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City of Banning sued over road dispute

March 2, 2011 12:00:00 AM PST
An Indian reservation guard shack has led to a lawsuit. A Banning landowner wants to develop his 41 acres on Fields Road near the 10 Freeway with houses and duplexes. But he says a guard shack for the Morongo Indian Reservation is a big barrier to his plans. He's now suing the city of Banning.

The property that Lloyd Fields wants to develop has been in his family for more than 50 years. The only public road in was named after his father.

But because the parcel of land is surrounded by the Morongo Indian Reservation, the only way to get to the property is to first pass through a tribal guard shack.

Fields says the tribe has no right to operate these barricades because, he says, it's a public street.

"The tribe stole a public road from Banning, they blockaded that public road," said Fields.

On Fields Road, everything to the east of the centerline is Morongo Indian Reservation; everything to the west of the centerline is the city of Banning.

Fields is claiming that if you go by that line of thinking, the guard shack is on public property, and he says the tribe had no authority to put it there.

"It is in the Banning general plan, it is a Banning public road," said Fields.

The tribe didn't comment on that, but did tell Eyewitness News: "Mr. Fields continues to be provided access through our reservation. All he has to do is provide identification as all visitors are required to do," wrote spokesman Michael Fisher.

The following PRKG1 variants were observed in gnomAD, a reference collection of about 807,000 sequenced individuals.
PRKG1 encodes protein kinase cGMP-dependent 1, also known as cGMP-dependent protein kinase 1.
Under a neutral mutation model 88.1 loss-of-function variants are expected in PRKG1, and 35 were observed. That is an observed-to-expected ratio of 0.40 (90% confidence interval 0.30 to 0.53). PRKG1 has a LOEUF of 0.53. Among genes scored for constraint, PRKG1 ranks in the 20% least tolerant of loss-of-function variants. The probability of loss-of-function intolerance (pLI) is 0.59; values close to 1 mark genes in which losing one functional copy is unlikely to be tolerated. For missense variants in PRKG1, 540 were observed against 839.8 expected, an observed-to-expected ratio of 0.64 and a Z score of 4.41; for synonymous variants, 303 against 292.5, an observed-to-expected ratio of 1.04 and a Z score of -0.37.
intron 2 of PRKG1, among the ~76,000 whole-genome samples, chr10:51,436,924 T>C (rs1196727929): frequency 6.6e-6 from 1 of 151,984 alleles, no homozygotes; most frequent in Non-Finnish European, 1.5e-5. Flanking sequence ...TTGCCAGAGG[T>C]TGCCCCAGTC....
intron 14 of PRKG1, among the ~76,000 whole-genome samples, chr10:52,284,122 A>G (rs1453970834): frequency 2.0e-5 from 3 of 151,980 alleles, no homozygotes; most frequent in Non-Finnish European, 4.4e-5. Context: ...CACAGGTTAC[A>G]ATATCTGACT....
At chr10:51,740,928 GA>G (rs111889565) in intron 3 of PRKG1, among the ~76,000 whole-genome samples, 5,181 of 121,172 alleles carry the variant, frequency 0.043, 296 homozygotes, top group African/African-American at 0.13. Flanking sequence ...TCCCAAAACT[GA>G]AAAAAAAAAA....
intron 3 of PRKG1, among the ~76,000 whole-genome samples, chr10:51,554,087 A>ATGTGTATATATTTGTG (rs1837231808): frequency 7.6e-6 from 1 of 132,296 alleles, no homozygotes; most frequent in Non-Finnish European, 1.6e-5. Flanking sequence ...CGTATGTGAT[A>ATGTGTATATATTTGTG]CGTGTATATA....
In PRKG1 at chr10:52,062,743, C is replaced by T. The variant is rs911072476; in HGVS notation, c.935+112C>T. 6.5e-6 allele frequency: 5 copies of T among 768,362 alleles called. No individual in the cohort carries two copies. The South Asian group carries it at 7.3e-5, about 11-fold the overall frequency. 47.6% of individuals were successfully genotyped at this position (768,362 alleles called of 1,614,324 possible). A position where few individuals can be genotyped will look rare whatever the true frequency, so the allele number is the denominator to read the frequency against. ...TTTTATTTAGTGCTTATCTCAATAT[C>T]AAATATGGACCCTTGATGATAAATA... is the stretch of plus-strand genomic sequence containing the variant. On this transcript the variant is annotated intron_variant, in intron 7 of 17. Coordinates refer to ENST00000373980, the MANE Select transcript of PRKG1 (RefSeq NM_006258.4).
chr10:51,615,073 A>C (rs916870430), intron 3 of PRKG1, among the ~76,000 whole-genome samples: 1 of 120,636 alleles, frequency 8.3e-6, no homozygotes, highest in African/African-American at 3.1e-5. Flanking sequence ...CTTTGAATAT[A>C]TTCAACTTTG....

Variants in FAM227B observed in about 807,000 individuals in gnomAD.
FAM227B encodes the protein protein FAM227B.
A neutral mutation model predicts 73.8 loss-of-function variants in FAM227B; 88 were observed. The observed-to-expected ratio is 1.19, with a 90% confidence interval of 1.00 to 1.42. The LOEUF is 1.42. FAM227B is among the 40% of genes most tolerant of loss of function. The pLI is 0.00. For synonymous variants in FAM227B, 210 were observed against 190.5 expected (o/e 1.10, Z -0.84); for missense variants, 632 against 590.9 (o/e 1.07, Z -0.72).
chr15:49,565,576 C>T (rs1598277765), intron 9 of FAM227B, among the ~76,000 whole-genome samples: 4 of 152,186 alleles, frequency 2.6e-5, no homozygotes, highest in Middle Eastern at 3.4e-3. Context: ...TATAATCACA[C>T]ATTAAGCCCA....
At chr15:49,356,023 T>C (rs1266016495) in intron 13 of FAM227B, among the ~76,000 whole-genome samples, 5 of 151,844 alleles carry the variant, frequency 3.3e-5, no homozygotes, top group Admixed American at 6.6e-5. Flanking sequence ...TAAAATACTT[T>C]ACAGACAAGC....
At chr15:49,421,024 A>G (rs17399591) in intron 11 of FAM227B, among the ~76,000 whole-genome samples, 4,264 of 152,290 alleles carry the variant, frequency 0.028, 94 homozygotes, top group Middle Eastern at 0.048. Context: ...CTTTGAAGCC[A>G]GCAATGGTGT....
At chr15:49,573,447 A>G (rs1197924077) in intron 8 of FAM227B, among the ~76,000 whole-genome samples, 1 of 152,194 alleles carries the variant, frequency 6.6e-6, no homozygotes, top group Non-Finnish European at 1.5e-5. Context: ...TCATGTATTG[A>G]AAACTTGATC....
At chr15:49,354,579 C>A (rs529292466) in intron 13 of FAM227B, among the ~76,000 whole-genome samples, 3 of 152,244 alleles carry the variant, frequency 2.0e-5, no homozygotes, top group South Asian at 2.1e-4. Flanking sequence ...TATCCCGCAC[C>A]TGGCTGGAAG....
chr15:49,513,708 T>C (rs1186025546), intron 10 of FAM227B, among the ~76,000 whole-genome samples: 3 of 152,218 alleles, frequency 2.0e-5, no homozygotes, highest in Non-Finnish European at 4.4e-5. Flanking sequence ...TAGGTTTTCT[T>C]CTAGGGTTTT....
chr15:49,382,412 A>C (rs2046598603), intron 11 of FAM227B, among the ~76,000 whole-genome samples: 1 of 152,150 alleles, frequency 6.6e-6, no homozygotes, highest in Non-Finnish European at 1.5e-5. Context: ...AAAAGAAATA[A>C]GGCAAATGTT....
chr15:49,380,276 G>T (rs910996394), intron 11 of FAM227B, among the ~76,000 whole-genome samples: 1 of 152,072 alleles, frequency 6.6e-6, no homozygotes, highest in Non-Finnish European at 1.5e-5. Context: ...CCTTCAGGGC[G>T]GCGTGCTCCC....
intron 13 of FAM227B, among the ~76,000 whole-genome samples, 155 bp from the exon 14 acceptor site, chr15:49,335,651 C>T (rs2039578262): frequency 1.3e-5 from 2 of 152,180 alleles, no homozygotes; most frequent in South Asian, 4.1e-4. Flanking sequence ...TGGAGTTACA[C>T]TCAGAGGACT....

"I'm Lloyd Fields, I own property on this street, I want to visit my property," said Fields as he was stopped at the guard shack.

Fields was first questioned by tribal security, then a Riverside County sheriff's deputy.

It's unclear how an Eyewitness News camera in the car may have affected things, but 18 minutes later, the car was allowed to pass through.

Fields says the tribe does allow him onto his property, but that's not the point. He claims they don't have the right to block the road in the first place.

And he says the tribe has refused to take the guard shack down.

"They say that they don't have to, that they have their immunities and that this is a battle between the city and me," said Fields.

"The city cannot determine the location of the Morongo tribe's guard shack without a certified survey. Other than that, the city cannot comment on pending litigation," Banning City Manager Andrew Takata told Eyewitness News.

So the matter is headed to court.